KitchenSoko Delivers Fresh Groceries Straight from the Farm to Your Home

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While Winston Wachanga began growing a tomato farm of his own in central Kenya, he experienced the same struggle of various farmers across the country trying to find a buyer.

To solve this problem, Wachanga set up online delivery company Kitchen Soko. In less than a year he has built up a network of 80 local farmers in Kenya whose produce is delivered in a box straight to the customer’s front door.

Kitchen Soko is a fresh food market business enabling you to easily and conveniently buy fresh food directly from the farmers/food producers.

The company offers customers a wide variety of locally sourced, organic and sustainable produce, meat and other food by aggregating goods from multiple farmers and creating a delivery system that can bring together a single order of food within two days. This gives shoppers a wide range of options, including seasonal produce, meats or fish, breads and cheese, as well as pre-made snacks and meals.

One can order online, on phone or through email, the food is prepped as per the order and then it’s aggregated, packed and delivered to your door.

Customers can find out exactly which farm the produce has come from. As such they can avoid consuming toxins in food provided by big suppliers in Nairobi. Recent tests on a sample of food bought in markets and supermarkets in the city found kale containing toxic levels of lead and fruit containing traces of calcium carbide.

Wachanga is one of the tech entrepreneurs tapping into Africa’s middle class as well as the continent’s improving access to internet. In 2013 McKinsey estimated that by 2025 e-commerce could account for 10% of retail sales in Africa’s largest economies.

Kitchen Soko now supplies 500 boxes a week. Expats make up about one quarter of Kitchen Soko’s clients, while the rest are local. You too can join his growing customer base and receive fresh, organic groceries by clicking here.

 

PayGram is an Online Electronic Payment Utility that will Make Your Payments Easier

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PayGram is an online electronic payment utility that enables clients to electronically make and accept payments in a fast, simple, secure and convenient manner. This is done online and via the mobile phone. PayGram allows purchasers to pay for their products, both goods and services online at the same time enables sellers to accept payments from online purchases.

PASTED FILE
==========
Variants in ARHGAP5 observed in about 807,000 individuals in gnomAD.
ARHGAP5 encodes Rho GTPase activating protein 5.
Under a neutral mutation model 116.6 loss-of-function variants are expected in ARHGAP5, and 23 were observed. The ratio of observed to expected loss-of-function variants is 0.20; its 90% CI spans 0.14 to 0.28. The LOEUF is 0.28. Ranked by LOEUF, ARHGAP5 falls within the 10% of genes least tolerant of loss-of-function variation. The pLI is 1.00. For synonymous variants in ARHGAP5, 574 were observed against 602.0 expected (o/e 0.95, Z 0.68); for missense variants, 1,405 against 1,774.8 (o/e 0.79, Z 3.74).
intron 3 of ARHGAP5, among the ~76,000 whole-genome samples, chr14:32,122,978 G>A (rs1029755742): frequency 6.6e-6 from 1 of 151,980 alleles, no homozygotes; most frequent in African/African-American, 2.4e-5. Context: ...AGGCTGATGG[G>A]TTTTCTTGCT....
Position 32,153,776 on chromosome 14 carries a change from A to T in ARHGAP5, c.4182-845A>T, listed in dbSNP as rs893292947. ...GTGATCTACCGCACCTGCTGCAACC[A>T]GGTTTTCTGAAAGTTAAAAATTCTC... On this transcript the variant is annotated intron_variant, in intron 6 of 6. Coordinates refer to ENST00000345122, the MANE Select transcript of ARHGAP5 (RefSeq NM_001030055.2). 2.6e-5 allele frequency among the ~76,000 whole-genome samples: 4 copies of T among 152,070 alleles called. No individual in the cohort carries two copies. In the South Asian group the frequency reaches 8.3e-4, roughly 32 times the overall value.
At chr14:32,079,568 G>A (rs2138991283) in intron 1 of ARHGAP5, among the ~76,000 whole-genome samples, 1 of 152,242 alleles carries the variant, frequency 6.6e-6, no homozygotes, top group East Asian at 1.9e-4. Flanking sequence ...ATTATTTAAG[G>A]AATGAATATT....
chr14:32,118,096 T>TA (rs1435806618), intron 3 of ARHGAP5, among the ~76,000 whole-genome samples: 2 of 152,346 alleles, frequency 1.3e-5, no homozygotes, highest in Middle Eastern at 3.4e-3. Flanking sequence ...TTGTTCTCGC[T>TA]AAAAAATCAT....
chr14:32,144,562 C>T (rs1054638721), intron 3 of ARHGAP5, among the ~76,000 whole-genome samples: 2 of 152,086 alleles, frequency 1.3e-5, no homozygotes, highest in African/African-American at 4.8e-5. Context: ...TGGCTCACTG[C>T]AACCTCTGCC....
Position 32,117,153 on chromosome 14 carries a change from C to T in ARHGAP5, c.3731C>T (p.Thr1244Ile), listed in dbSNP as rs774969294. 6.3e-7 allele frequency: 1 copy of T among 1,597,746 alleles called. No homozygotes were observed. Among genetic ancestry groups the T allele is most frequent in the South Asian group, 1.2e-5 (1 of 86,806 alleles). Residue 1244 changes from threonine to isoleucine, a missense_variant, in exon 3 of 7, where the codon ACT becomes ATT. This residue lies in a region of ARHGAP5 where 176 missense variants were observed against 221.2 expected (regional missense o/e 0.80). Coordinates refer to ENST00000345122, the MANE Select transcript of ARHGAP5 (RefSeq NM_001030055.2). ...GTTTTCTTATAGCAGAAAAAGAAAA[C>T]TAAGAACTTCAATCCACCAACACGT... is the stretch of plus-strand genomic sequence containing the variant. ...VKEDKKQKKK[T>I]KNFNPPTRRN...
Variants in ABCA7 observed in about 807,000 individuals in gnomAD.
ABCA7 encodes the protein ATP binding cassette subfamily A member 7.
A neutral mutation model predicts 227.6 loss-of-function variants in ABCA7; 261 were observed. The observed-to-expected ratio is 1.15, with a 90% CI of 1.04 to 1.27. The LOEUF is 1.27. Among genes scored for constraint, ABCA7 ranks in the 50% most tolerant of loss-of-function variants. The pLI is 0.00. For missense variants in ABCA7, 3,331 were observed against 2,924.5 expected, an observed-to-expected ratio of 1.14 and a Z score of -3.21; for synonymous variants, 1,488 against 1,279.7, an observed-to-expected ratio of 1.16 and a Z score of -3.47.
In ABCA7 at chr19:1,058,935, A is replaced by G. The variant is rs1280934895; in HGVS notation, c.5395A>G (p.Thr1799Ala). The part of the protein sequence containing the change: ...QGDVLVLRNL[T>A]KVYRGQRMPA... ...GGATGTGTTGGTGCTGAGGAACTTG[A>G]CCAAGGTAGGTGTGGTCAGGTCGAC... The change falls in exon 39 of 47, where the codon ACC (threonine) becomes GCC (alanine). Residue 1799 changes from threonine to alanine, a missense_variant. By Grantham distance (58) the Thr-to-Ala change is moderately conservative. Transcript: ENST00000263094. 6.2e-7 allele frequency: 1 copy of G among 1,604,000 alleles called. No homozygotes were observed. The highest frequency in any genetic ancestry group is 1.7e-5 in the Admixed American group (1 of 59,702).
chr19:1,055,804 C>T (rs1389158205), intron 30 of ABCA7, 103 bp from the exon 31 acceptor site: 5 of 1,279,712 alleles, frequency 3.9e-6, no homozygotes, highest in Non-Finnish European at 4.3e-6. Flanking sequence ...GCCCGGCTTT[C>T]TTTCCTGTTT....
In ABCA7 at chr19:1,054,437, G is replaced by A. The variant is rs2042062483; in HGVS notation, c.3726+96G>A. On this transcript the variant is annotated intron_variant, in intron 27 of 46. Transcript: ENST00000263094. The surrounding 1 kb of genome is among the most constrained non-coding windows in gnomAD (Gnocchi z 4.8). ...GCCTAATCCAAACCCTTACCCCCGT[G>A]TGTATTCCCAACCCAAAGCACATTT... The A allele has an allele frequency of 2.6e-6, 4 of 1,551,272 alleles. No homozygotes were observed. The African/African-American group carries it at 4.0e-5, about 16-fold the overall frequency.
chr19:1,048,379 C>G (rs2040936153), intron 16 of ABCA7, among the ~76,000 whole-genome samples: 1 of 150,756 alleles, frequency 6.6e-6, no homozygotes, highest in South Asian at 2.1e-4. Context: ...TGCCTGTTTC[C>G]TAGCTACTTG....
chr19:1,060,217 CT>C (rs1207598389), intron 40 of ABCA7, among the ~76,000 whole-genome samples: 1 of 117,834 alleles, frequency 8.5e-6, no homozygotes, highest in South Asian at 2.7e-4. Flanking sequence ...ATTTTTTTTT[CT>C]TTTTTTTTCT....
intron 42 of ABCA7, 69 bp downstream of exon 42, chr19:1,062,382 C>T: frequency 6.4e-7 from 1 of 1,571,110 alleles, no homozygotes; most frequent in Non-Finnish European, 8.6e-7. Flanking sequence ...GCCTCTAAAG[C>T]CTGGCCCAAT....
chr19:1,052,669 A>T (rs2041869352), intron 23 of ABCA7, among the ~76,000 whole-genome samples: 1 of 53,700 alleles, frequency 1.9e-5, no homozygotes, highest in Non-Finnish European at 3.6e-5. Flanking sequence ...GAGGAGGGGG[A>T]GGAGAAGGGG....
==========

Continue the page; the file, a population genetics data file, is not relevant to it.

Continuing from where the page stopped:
Additionally, PayGram allows its users to settle utility bills, fees, make donations, online and offline. Clients using PayGram are able to make payments to using M-pesa, Airtel Money, Orangemoney, Bank Payments, Mastercard & VisaCard, & Debit and Credit cards. The following are its features;

Round-the-Clock Business

With PayGram your business is able to run all time round including weekends and public holidays. Your clients are able to do their transactions without having to worry about off-business hours. This allows for efficiency and versatility of your business in the ever increasing fast-paced world today.

Accept Global payments

With PayGram, clients are able to make payments globally, using global payment cards. Clients may use Visa Card and Master Card, accept payment from anyone with a Credit or Debit card. Hence your business is able to receive global payments.

Safety, Security and Convenience

PayGram do not hold your money, on the contrary, it is held in a trust account with reputable banking partners for safe custody. This has the effect of facilitating timely settlement and reporting of transactions. We uphold the strictest data security measures to meet the PCI-DSS standards. Additionally, they are regulated by the Central Bank of Kenya and the Communication Authority of Kenya to ensure compliance with their set standards.

Notifications and Reminders

Send free Email and SMS Reminders to customers reminding them to pay free of charge.

Mobile Applications and Facebook App Add-on

Your clients are able to download PayGram Mobile App on their phones and conduct transactions from their phones. Additionally, your customers can buy goods directly from your Facebook page using the PayGram Simple selling app.

e-Invoice

Using PayGram, you can easily and conveniently invoice your clients using online or SMS invoice service giving them options through which they can make payments.

Potential buyers and sellers can sign up here.

Cover Cloud Creates a Unique Ambience with your Personality in Mind Using Music

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The rapid increase in number of hotels, restaurants , spas and gyms within the pan-Africa community has consequently resulted to stiff competition. This has resulted to the dominant players within this industry to opt for a better way to maintain there competitiveness. This simply means food and amenities is no more a competitive advantage as traditionally was, rather visitors experience is what gives competitive edge to this dominant players, And that is what has encouraged the huge spend on ambience by high end players of hospitality industry.